Timed Off-Road Test

ADV Pulse uses a short, technical test course out in the desert to evaluate bikes in their stock form. The entire 2.4-mile loop only requires around 6 minutes to complete, but it includes deep sand, whoops, rocks, steep climbs, rough descents, and fast rocky sections. We also added a tight singletrack section to the course this time to help get a better gauge of agility. 

Test Aprilia Tuareg 660 vs Yamaha Tenere 700

To ensure we had both bikes on equal footing and to maximize traction in the dirt, we spooned on a fresh set of the new Heidenau K60 Ranger dual sport tires. Multiple timed runs of each bike were conducted on the same course, on the same day, by the same test rider. While pure speed isn’t the only measure of an adventure bike, the course does provide another way to capture empirical data on how these two machines match up off-road and it allows us to more-easily observe differences between them in a controlled environment.  

Comparo Aprilia Tuareg 660 vs Yamaha Tenere 700

Heading into the course, there are a few big nasty drop-offs and a long sequence of mid-sized whoops. This is where the Tuareg’s higher-quality suspension and longer travel give it an edge. Sand sections are handled well by both bikes but the Tuareg feels more stable at full-attack speeds. A tight 90-degree turn sends the rider up a steep, rutted hill climb. The T7 has an edge in getting turned around with its nimble feel and both bikes have plenty of smooth torque to propel the rider confidently up the slope.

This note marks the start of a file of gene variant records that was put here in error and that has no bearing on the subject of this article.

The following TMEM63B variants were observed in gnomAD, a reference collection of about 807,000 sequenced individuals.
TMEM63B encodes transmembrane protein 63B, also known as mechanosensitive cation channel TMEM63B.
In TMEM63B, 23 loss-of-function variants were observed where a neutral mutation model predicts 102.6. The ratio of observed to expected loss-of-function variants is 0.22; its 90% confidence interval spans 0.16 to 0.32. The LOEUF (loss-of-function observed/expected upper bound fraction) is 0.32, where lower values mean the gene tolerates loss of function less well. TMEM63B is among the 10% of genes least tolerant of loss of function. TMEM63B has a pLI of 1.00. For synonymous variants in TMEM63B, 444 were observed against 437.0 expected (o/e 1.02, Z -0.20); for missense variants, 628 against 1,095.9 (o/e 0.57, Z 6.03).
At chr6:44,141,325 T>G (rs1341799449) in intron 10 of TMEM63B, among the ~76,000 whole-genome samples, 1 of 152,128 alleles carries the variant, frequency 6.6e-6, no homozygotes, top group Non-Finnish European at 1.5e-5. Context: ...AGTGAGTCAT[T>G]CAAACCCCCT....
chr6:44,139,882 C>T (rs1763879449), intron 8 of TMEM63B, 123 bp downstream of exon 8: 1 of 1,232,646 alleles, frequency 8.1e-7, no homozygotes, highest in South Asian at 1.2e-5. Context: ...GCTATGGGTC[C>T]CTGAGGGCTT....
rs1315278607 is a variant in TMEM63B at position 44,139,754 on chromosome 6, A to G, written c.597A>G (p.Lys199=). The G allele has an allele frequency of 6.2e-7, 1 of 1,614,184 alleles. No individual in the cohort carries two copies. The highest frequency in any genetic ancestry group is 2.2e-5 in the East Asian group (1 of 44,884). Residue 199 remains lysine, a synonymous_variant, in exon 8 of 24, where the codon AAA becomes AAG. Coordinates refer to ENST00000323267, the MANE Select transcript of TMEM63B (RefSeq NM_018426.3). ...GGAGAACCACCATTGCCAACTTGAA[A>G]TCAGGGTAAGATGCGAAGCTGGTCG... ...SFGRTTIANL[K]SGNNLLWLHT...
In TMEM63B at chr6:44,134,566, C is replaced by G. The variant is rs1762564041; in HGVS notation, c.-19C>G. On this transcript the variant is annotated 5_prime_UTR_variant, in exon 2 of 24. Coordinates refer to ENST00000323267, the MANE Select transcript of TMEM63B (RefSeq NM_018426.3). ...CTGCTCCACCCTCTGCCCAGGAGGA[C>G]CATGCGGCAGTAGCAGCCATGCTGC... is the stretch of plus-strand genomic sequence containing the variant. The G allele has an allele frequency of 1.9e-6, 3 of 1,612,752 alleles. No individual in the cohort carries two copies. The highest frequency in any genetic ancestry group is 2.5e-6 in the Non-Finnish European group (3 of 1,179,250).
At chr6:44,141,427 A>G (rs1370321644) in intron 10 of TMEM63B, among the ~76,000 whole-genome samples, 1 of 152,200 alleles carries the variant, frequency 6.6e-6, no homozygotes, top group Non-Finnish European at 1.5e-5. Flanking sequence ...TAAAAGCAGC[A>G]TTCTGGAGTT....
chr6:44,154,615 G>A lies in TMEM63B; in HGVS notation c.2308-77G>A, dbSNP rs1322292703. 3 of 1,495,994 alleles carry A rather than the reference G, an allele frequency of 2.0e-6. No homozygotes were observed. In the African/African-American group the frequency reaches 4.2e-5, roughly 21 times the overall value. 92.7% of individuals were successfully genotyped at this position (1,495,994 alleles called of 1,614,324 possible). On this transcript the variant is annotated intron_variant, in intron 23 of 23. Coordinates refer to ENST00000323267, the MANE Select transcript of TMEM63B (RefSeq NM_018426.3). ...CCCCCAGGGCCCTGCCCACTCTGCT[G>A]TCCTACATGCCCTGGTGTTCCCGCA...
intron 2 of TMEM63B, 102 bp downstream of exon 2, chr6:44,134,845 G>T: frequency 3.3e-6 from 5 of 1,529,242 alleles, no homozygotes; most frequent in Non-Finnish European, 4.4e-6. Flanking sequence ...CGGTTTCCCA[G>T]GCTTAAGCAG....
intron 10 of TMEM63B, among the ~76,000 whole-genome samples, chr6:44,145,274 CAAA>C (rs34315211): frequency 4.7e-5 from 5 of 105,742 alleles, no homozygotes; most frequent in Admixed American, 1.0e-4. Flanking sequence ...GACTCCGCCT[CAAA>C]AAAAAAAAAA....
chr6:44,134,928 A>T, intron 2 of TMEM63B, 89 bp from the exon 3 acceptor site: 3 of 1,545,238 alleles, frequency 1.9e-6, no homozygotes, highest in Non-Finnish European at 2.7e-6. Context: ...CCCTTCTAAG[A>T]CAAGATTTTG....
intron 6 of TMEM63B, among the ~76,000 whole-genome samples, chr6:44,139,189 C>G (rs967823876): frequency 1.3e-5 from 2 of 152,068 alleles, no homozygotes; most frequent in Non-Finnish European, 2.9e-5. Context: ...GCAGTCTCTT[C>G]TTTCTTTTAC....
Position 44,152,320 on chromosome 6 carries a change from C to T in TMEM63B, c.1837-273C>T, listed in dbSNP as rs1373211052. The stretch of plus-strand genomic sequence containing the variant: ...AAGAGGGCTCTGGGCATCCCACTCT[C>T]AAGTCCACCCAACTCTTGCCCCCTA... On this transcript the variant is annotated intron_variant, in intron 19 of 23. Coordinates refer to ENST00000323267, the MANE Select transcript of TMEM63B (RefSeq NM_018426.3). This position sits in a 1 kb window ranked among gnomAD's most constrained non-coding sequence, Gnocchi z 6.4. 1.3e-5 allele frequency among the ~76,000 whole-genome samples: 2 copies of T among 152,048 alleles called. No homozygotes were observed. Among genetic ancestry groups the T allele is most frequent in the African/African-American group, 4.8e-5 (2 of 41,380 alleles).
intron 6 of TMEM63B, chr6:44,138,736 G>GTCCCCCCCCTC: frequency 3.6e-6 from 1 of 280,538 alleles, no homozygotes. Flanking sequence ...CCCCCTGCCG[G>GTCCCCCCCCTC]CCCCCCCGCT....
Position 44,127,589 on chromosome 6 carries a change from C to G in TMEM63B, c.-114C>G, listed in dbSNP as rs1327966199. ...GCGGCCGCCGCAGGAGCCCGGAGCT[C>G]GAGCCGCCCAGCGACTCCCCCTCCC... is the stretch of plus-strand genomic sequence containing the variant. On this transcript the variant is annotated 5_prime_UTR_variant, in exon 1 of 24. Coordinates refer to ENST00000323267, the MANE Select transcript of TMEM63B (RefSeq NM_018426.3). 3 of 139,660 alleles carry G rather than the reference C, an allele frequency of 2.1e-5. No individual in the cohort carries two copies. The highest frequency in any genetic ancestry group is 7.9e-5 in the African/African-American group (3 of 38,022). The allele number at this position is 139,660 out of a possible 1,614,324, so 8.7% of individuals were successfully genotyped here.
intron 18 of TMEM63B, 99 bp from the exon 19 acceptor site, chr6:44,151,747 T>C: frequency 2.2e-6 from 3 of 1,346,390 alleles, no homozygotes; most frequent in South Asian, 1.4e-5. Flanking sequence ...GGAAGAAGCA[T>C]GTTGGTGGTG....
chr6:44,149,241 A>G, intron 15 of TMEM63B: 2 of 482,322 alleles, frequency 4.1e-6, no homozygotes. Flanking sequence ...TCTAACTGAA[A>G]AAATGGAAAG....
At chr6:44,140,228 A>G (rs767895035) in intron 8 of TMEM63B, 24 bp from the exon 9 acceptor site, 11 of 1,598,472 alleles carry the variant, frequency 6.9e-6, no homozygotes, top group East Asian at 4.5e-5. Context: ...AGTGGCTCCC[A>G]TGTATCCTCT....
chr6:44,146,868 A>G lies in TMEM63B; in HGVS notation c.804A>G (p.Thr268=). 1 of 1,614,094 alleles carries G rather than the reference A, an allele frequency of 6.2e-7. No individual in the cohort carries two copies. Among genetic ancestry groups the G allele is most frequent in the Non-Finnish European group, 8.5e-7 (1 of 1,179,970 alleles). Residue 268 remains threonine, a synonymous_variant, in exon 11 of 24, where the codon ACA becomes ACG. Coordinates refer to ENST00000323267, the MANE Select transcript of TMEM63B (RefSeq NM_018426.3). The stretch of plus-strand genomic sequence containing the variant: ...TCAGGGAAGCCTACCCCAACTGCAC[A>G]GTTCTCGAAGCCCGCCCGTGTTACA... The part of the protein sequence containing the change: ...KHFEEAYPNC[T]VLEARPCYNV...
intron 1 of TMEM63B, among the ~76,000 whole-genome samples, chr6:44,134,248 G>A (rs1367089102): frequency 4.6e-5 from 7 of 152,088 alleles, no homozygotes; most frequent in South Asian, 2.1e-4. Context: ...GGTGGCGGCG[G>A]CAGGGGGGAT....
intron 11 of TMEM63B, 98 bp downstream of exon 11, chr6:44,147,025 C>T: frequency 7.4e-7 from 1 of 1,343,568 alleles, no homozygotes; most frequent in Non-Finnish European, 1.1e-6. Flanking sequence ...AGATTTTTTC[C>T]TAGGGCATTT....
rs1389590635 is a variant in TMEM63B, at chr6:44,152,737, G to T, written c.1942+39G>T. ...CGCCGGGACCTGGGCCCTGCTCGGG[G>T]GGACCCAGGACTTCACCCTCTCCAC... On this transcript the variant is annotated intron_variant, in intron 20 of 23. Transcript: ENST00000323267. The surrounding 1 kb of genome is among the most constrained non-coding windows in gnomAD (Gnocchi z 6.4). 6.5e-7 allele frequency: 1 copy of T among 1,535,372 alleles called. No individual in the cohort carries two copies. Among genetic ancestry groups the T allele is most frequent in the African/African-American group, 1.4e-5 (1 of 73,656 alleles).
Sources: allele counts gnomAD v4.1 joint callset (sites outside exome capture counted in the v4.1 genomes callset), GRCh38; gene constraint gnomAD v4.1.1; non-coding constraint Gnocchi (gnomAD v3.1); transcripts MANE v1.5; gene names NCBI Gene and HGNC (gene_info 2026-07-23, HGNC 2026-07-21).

Comparo Aprilia Tuareg 660 vs Yamaha Tenere 700

Riding along a ridge trail, a rocky rutted section is smoothed out better by the Tuareg’s plush suspension allowing it to push the pace. And on a couple of steep descents, the Tuareg’s smoother braking allows it to maintain composure better. Next a series of rolling hills gets the rider airborne, then the big whoops section comes. Both bikes struggle a bit through these big hits but the T7 has to slow down more to keep from bottoming out. 

Comparo Aprilia Tuareg 660 vs Yamaha Tenere 700

A big wide sweeper shoots the rider back toward the start and through the big whoops section again. Half-way through the course you are feeling the weight of both bikes, gritting your teeth to maintain focus and push ahead full speed. More descents, big g-outs, a long continuous set of whoops again, then into a sandy single track. Here on the tight trail we figured the Yamaha would have an advantage with its more-agile feel but the choppy terrain seemed to hand the advantage to the Aprilia and its ability to absorb punishment. Full throttle through the last sandy section and you’re back at the start again, completing the loop.

Comparo Aprilia Tuareg 660 vs Yamaha Tenere 700

After several test runs were made, comparing the two fastest lap times between the bikes resulted in the Tuareg getting the better of the Yamaha, completing the course 15.6 seconds faster than the Tenere. In a previous test from a few years ago, the KTM 790 Adventure R beat the T7 by a 7 second margin. However, recent course changes have made comparing these times unfeasible. Evenso, it is clear that the Tuareg dominated the T7 on this type of fast, technical, whooped out terrain. And it begs the question, how well would the Tuareg match up with the current KTM 890 Adventure R on the course. Hopefully, we’ll get a chance to find out in a future project.

Real World Test